4th class pass to deadly terrorist | india | Hindustan Times
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4th class pass to deadly terrorist

india Updated: Nov 30, 2008 01:43 IST
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It took 62 hours and India’s best commandos to subdue 10 terrorists by Saturday — but not before the killers had shot 183 people, ravaged Mumbai and shaken India.

As he lies in an unidentified safe-house in Mumbai with multiple gunshot injuries, Mohammed Ajmal Amir Kasav has — in five-minute spurts of conversations allowed by doctors trying to save his life — told interrogators of the meticulous,

rigorous training in arms, navigation and communication that allowed a fourth-standard pass like him to become a deadly terrorist.

On Saturday, the Mumbai police were given custody of Kasav by an unidentified local judge, who went to the safe-house.

It was Kasav’s, compact, clean-shaven face, carrying a heavily loaded rucksack, cargo pants, t-shirt emblazoned with “Versace” and an AK-56 with multiple magazines strapped together, became the face of India’s deadliest urban terror attack.

From Faridkot in Pakistani Punjab, Kasav and his comrades (aged between 18 and 28), nine of them now dead, were trained in close-combat, hostage-taking, explosives handling, using satellite navigation and swimming, a senior police officer said in Delhi, requesting anonymity since he is not authorised to talk about the interrogation.

The officer said “of what he (Kasav) told us, we’ve been able to confirm that the terrorists whose bodies were found were all from Pakistan”.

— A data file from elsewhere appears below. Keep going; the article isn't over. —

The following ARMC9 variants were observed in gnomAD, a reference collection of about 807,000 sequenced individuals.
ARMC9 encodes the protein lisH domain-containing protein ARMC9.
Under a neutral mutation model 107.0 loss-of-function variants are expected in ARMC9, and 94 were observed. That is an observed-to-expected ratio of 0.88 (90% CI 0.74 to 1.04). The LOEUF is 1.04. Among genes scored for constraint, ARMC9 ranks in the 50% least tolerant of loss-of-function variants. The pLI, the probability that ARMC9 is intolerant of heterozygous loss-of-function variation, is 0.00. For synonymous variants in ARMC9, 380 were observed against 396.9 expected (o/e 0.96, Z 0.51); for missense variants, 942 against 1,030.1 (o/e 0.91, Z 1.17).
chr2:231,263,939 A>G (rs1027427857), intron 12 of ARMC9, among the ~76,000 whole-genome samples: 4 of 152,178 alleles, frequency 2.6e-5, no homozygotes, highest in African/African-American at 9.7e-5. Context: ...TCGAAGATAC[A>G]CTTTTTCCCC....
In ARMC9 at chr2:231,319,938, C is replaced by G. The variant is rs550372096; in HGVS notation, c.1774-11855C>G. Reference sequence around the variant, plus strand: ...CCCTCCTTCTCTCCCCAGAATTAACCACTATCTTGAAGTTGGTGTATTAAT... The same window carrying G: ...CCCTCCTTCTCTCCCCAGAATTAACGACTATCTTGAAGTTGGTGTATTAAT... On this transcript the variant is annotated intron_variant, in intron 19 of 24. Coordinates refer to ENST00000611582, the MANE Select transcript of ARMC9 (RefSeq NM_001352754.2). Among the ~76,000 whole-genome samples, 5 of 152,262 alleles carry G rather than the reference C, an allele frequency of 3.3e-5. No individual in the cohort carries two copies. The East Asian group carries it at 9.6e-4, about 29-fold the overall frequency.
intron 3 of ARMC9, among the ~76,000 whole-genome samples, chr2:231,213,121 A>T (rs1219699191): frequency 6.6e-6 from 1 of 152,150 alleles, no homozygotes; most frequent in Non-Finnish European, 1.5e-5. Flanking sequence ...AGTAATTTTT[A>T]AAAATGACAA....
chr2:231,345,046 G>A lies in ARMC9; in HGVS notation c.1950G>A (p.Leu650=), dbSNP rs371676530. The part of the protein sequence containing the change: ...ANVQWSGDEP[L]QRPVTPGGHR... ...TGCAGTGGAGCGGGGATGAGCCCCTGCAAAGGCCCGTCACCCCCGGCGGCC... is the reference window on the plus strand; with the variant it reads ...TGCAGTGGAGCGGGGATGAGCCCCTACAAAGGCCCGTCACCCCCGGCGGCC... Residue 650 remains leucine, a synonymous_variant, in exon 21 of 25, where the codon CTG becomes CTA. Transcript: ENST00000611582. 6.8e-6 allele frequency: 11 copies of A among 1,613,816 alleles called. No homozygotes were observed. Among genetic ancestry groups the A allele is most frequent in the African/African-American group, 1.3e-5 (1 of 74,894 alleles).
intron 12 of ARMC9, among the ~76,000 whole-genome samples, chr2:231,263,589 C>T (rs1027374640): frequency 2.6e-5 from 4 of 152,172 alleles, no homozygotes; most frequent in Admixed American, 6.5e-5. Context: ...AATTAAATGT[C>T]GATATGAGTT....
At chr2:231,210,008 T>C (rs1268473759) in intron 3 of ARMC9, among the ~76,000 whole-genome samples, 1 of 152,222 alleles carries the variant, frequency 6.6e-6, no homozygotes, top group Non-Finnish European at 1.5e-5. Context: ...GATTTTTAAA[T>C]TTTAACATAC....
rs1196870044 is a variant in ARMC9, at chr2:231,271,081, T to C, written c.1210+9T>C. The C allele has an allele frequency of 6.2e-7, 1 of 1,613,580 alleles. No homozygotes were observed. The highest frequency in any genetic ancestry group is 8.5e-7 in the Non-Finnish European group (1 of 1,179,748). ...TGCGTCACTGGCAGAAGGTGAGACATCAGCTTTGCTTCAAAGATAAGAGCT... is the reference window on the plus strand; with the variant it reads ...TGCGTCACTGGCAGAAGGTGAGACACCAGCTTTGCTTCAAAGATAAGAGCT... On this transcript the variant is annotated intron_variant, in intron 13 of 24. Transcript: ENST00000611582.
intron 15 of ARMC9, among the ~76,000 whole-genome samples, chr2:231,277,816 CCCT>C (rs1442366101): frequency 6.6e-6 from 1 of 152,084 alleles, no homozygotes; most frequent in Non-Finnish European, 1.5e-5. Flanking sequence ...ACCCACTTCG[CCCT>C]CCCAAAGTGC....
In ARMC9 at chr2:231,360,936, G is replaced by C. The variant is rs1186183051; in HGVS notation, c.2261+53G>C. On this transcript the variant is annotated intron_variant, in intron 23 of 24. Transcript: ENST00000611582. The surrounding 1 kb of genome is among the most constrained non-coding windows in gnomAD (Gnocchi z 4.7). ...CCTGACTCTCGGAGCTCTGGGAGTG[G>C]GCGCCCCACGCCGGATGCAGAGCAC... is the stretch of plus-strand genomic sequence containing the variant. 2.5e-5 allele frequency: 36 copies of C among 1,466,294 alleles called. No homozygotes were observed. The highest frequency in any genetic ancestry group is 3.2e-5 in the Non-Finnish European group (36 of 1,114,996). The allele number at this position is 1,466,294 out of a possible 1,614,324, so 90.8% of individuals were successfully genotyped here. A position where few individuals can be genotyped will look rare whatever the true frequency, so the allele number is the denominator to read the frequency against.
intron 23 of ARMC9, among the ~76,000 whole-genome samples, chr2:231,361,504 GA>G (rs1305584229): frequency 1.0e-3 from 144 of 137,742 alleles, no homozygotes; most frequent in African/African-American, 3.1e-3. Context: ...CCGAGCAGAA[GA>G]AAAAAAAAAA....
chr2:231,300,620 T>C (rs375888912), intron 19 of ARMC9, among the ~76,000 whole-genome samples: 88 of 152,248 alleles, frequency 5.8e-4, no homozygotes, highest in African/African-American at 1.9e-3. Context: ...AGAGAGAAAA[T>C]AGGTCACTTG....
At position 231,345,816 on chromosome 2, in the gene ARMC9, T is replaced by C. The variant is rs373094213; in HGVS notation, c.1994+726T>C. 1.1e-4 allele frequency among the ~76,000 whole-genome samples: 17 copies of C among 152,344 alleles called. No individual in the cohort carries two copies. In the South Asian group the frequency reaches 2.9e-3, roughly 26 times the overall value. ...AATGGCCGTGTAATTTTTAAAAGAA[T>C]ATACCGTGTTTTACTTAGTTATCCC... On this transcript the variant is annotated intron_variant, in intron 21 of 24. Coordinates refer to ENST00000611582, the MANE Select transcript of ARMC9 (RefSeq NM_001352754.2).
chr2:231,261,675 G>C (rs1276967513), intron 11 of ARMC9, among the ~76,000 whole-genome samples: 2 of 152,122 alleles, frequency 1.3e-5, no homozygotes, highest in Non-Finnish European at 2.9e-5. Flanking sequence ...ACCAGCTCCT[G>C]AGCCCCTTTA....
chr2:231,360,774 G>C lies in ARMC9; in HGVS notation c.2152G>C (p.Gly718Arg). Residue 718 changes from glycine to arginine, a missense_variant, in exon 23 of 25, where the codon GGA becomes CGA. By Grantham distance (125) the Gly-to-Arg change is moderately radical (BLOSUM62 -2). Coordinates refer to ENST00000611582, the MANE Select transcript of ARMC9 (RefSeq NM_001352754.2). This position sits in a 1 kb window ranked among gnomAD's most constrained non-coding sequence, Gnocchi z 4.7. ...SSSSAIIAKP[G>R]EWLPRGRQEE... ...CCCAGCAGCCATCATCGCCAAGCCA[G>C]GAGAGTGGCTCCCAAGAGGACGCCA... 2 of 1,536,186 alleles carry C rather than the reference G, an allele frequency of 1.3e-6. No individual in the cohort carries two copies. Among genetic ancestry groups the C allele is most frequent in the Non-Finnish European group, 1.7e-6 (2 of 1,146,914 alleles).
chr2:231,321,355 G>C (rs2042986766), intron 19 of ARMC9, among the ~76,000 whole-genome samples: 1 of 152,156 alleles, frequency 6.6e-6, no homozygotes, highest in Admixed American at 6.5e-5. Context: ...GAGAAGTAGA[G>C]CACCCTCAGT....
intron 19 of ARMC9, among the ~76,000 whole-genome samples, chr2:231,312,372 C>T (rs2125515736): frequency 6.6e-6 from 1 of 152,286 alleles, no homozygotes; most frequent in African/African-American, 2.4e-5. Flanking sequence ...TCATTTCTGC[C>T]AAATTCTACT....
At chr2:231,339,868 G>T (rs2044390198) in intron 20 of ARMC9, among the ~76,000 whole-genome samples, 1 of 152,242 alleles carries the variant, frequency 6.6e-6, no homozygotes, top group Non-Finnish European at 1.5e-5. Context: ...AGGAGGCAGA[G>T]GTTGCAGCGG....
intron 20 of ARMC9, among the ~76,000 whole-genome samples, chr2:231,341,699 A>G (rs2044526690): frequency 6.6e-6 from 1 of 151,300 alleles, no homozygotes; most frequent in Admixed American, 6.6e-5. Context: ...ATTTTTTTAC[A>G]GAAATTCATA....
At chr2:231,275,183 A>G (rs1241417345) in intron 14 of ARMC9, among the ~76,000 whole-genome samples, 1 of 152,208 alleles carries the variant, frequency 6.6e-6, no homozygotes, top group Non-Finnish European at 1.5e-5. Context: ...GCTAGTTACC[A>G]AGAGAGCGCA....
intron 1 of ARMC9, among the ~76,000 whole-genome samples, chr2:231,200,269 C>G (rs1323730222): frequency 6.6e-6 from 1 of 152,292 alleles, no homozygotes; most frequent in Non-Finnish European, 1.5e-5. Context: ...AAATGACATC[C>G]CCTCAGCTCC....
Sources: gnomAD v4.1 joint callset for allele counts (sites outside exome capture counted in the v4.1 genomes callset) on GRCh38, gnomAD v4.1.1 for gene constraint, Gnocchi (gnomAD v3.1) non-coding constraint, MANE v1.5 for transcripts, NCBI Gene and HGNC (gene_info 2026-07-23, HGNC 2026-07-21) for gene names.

He did not disclose what evidence corroborated that. Asked about reports about terrorists from various countries, the officer said: “It does not matter which nation they held passports from — the men whose bodies we found were Pakistanis”.

According to accounts from various interrogators pieced together by the Hindustan Times, the terrorists, all belonging to the Lashkar-e-Tayyeba (Army of the Pure), were trained at Karachi, Muzaffarabad (In Pakistani Kashmir) and at a dam on the Jhelum river. Banned in Pakistan, the Lashkar has denied its involvement.

Kasav and his comrades watched video recordings of their targets and studied south Mumbai topography, an interrogator said.

This information was provided either by a recce team that supposedly came four months ago or by what an Intelligence Bureau official called “local logistics providers”, perhaps men from underworld don Dawood Ibrahim’s gang, now reportedly holed up in Karachi.

“These are trained terrorists who came from Karachi via the sea route,” said Mumbai’s crime chief, Joint Commissioner of Police Rakesh Maria.

They boarded either a merchant vessel or fishing trawler — two interrogators differ on this — on November 15, nervously watching Indian coast guard and naval ships near Indian territorial waters.

But the patrols never checked them, Kasav reportedly said.

They then hijacked the MV Kuber near Porbandar, Gujarat, killed three crew, dumped their bodies into the sea, forced the captain to guide them to Mumbai.

“At around 3 nautical miles from Mumbai, they killed the man (captain) and coast guards found his body in the boat,” said Maria.

Kasav told interrogators that the 10 terrorists got into their inflatable raft: Six got off at Badhwar Park, about 3 km from CST, and the other four — who engaged commandos in a fierce gun-battle at the Taj Mahal Hotel till they were killed on Saturday morning — came ashore at Sassoon Docks, less than a kilometer away.

The pack of six split into groups of two, with each sub-group given a task kept hidden from the others.